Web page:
It’s Breakfast Week and what better way to start the day, than with Raspberry & Rose Cronuts™. Alright, so I’m joking, there’s nothing healthy about deep fried laminated dough, but they do taste pretty good.
By now I’m sure pretty much everyone knows what a Cronut™ is. For those of you that don’t, it’s a croissant doughnut hybrid that is made by deep frying croissant dough that is shaped like a ring doughnut.
Personally I love croissants and it seemed a bit wrong to take this wonderful butter rich dough and then deep fry it. However I put my principles to one side and I deep fried something for the first time in my life. I was nervous, the idea of heating a pan full of fat has never really sat that well with me. I was only burnt on the face a couple of times, after I learnt not to drop a Cronut™ into the oil from a great height.
I’ve made croissants on the blog lots of times and while it’s a time consuming process, it’s well worth it. The process of making the dough is exactly the same for the Cronut™, a dough is made and then rolled and folded with butter to create rich layers that puff up when cooked.
Making the dough takes about six hours in total, but you can make the dough the day before and leave it in the fridge, if the dough rises, just knock it back and roll it out to about 2cm thickness and then cut out circles that are 8cm in diameter. To make the ring you need to use a 1cm cutter and cut a hole in the middle, then leave them to prove somewhere warm for 2 hours. It’s very important that you cut the hole out of the middle as this not only gives them the signature shape, but it ensures they cook evenly also.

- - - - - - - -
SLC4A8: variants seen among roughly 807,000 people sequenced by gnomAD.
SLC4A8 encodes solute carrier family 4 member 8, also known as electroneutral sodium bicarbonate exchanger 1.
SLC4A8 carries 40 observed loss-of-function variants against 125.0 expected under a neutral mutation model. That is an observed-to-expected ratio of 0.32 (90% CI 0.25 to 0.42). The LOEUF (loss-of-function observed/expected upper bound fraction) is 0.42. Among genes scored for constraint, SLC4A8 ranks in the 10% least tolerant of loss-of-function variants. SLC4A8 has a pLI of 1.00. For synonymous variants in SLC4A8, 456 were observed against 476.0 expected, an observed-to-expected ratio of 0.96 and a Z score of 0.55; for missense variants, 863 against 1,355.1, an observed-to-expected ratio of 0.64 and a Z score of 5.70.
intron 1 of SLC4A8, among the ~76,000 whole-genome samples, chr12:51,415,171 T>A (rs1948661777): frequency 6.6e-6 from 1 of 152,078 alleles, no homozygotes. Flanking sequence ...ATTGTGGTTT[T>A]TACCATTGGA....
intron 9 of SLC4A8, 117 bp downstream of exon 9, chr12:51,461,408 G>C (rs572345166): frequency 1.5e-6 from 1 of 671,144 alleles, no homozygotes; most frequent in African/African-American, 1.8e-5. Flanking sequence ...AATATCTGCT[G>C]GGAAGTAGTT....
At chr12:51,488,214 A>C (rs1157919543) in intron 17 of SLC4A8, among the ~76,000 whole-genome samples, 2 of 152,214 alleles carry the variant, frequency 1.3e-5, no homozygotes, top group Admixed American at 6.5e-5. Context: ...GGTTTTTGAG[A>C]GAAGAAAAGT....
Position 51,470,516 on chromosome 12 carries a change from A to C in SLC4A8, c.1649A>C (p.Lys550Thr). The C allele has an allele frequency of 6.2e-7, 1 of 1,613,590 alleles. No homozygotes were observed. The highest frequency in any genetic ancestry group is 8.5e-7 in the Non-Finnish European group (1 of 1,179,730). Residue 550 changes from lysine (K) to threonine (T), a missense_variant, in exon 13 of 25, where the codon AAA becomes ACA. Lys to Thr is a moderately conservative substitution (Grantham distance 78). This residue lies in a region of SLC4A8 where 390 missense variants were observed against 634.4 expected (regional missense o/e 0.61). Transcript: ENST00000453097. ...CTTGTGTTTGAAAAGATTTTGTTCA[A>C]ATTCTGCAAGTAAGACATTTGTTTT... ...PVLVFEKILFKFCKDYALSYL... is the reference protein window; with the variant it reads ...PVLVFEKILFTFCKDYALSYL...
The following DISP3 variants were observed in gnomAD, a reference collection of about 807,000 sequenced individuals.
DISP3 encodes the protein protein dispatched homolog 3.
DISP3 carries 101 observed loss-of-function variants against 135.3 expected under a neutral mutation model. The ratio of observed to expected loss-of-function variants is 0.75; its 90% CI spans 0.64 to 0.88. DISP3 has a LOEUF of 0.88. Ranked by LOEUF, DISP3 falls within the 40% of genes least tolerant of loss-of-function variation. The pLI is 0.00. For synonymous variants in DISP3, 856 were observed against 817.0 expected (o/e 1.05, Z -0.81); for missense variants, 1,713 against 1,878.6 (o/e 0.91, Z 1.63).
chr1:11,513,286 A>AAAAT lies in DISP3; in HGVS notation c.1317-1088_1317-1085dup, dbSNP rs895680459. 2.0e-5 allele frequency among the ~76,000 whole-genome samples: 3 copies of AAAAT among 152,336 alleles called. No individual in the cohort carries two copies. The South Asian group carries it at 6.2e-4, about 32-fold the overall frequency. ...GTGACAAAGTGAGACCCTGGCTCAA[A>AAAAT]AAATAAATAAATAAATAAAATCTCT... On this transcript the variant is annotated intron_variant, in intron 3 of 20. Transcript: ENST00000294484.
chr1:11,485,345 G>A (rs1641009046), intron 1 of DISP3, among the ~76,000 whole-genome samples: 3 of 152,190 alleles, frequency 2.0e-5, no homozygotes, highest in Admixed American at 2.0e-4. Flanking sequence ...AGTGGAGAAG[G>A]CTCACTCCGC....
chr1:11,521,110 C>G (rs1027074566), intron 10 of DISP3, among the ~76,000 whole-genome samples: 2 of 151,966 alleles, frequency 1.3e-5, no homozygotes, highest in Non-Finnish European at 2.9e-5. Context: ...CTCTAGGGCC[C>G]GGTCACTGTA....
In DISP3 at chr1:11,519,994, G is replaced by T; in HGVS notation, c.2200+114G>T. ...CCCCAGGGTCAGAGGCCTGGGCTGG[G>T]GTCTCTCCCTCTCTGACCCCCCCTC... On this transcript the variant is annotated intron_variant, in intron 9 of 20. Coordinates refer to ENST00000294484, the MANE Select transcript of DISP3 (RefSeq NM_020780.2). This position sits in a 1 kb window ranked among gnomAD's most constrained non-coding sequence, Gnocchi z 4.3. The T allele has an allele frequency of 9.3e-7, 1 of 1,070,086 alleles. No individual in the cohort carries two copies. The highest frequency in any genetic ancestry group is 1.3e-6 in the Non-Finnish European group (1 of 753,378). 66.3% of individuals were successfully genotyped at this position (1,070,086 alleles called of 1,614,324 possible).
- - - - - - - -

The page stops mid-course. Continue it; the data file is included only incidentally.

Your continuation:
Once the Cronuts™ have risen to twice their size, you can fry them in vegetable or rapeseed oil for two minutes on each side at 175C. Be careful when you come to pick up the Cronuts™ for frying as they are very soft and their shape will distort when you handle them.
After the Cronuts™ have been fried you need to roll the sides of them in caster sugar, you don’t want to get any sugar on the top or bottom as you will be filling and glazing them when they have cooled.
It took me a long time to settle on a flavour for these Cronuts™, raspberry and rose is a classic flavour combination, but I knew the Cronuts™ would be sweet and a little greasy, so I wanted a filling that could withstand that. I decided upon a creme patissiere filling, a rose flavoured glaze and a sprinkling of freeze dried raspberry powder.
I found frying these Cronuts™ fiddly and they didn’t come out as perfect as I’d hoped, some of them rose unevenly while proving and this is accentuated further upon frying. Here’s a picture of some of the less photogenic Cronuts™.
After the Cronuts™ were fried and rolled in sugar, I had to poke 4 holes in the base and fill them with creme patissiere, I then drizzled the glaze over the top of the Cronut™ and sprinkled the freeze-dried raspberry powder on top.
These are time consuming and I’m not sure I would bother making them again, although I have a sweet tooth, I much prefer croissants to Cronuts™ and they are actually a lot less effort as you don’t need to worry about glazing or filling them. So here’s the recipe for the Cronuts™.
- ***Croissant Dough***
- 500g Strong White Bread Flour
- 60g Granulated Sugar
- 10g Powdered Milk
- 12g Salt
- 100g Softened Butter
- 25g Fresh Yeast or 2½ tsp of fast action dried yeast
- 230ml Cold Water
- 250g Chilled Butter
- Vegetable or Rapeseed Oil
- ***Creme Patissiere***
- 250ml Milk
- 60g Granulated Sugar
- 25g Corn Flour
- 3 Egg Yolks (60g)
- 25g Butter
- ***Rose Glaze***
- 125g Icing Sugar
- 20ml Milk
- 2 drops of Holy Lama Spice Drops: Rose Extract
- ***To Decorate***
- Freeze-dried Raspberry Powder
- Caster Sugar
- Place the flour, sugar, powdered milk, salt and softened butter in the bowl of a stand mixer fitted with a dough hook. Crumble in the yeast, making sure it does not touch the salt.
- Knead at medium speed, gradually pouring in the water, until smooth, about 6 minutes. The dough should pull away from the sides of the bowl.